Large facial lymphatic malformation treatment using sclerosing agent followed by surgical resection: clinical and pathology report

Large facial lymphatic malformation treatment using sclerosing agent followed by surgical... Lymphatic malformations are rare slow-flow vascular malformations, with high tendency to appear in the head and neck region. The treatment of these lesions ranges from follow-up to sclerosing agent injection to surgical excision. The authors present a case of a new born with large extensive lingual and submandibular lymphatic malformation, for which the patient underwent tracheostomy and gastrostomy insertion. He was then treated successfully with sclerosing agent injections followed by surgical excision, with 7 years follow-up. The second case presented is a two and a half baby with large lingual lymphatic malformation, treated successfully with doxycycline injections followed by intraoral excision of the lesion. Pathology of the excised lesion is then demonstrated, which shows for the first time the different layers affected by the sclerosing agent. http://www.deepdyve.com/assets/images/DeepDyve-Logo-lg.png Oral and Maxillofacial Surgery Springer Journals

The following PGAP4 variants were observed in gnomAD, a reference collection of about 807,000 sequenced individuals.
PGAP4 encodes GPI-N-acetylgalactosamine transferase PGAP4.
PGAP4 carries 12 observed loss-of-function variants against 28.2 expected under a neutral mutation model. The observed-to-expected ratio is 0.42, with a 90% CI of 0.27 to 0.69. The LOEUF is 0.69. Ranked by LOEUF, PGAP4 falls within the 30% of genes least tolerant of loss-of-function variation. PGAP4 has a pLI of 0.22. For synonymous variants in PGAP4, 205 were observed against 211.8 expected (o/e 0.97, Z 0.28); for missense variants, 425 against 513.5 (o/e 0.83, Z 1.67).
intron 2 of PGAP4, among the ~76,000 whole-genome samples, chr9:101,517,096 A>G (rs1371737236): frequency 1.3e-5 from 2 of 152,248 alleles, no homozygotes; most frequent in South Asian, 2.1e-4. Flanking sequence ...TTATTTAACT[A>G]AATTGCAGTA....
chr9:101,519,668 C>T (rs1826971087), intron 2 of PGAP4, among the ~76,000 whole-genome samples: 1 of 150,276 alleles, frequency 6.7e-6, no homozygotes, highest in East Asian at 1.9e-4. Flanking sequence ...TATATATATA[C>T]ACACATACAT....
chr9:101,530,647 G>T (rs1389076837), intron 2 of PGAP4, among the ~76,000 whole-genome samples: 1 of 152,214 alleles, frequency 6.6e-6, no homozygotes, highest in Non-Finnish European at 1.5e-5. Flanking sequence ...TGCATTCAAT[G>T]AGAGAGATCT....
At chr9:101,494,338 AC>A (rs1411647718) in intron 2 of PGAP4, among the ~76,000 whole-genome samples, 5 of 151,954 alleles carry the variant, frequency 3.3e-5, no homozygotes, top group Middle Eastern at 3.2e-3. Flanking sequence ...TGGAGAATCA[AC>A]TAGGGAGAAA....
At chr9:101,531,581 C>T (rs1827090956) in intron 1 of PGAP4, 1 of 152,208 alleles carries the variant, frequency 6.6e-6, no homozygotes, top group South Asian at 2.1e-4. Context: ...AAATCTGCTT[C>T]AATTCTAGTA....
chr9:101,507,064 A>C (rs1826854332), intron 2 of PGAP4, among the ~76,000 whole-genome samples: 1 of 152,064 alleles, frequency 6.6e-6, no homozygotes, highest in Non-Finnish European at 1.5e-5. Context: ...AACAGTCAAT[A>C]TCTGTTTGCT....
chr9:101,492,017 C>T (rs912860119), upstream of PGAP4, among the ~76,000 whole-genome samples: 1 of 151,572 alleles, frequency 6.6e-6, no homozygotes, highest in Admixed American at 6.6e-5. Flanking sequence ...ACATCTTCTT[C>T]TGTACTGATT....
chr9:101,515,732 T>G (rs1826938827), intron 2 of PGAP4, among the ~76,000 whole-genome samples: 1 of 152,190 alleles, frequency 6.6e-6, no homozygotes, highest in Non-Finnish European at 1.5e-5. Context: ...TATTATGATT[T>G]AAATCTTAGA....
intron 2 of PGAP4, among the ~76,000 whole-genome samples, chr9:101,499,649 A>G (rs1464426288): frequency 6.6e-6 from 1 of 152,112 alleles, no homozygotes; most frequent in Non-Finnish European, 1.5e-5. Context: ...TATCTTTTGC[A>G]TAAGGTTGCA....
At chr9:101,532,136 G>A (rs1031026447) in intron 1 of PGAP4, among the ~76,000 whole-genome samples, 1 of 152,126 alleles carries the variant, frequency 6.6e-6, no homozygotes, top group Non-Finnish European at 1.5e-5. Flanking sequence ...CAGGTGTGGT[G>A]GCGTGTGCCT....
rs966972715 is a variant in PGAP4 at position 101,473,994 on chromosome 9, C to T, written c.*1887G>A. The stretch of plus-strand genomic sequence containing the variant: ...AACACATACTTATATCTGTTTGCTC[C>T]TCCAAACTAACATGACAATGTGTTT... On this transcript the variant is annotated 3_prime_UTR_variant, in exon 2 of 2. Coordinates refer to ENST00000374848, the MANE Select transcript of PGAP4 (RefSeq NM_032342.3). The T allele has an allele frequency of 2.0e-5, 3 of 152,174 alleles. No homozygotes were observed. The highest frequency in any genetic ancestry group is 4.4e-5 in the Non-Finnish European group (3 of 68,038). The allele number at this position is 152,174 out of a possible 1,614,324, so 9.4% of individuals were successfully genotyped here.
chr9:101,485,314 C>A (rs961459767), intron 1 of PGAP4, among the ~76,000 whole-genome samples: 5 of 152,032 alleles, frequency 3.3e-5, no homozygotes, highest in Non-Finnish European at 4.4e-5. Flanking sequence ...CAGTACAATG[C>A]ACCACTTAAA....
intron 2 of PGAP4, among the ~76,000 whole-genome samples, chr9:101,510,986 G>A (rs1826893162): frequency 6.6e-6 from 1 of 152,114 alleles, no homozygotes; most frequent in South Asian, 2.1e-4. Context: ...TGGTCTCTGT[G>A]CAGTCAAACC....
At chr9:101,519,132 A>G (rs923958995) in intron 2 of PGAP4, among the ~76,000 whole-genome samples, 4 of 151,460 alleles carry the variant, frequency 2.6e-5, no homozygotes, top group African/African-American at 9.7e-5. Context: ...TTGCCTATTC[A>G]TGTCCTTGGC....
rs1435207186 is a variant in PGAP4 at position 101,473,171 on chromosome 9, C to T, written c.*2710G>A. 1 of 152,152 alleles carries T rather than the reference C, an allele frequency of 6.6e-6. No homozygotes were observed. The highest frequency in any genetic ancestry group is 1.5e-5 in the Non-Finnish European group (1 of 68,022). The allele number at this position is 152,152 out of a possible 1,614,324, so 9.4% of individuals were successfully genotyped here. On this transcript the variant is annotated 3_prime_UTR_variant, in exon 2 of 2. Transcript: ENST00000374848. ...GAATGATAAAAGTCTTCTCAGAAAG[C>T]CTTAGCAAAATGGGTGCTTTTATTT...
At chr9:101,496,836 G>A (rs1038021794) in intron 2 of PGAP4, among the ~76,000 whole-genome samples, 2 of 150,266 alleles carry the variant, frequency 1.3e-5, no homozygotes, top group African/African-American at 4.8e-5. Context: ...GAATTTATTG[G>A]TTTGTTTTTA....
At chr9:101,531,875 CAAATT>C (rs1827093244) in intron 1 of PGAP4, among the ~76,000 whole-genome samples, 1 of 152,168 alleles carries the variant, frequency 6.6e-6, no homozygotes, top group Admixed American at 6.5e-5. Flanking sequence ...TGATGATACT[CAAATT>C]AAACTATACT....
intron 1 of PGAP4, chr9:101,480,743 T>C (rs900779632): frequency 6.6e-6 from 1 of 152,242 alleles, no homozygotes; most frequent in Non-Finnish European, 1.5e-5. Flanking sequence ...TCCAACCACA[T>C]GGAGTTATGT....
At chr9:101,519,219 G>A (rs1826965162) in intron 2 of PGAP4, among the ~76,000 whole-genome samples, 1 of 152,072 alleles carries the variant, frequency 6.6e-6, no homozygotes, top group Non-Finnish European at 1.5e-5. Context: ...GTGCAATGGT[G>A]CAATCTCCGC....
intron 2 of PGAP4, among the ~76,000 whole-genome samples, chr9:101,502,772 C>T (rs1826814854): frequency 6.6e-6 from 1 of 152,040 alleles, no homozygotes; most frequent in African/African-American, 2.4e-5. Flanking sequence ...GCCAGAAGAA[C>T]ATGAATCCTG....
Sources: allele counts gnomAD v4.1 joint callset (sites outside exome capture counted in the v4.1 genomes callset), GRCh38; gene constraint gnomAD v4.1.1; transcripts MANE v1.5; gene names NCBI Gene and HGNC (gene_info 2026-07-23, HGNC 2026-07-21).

Large facial lymphatic malformation treatment using sclerosing agent followed by surgical resection: clinical and pathology report

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Publisher
Springer Berlin Heidelberg
Copyright
Copyright © 2017 by Springer-Verlag GmbH Germany
Subject
Medicine & Public Health; Oral and Maxillofacial Surgery
ISSN
1865-1550
eISSN
1865-1569
D.O.I.
10.1007/s10006-017-0640-3
Publisher site
See Article on Publisher Site

Abstract

Lymphatic malformations are rare slow-flow vascular malformations, with high tendency to appear in the head and neck region. The treatment of these lesions ranges from follow-up to sclerosing agent injection to surgical excision. The authors present a case of a new born with large extensive lingual and submandibular lymphatic malformation, for which the patient underwent tracheostomy and gastrostomy insertion. He was then treated successfully with sclerosing agent injections followed by surgical excision, with 7 years follow-up. The second case presented is a two and a half baby with large lingual lymphatic malformation, treated successfully with doxycycline injections followed by intraoral excision of the lesion. Pathology of the excised lesion is then demonstrated, which shows for the first time the different layers affected by the sclerosing agent.

Journal

Oral and Maxillofacial SurgerySpringer Journals

Published: Jul 22, 2017

References

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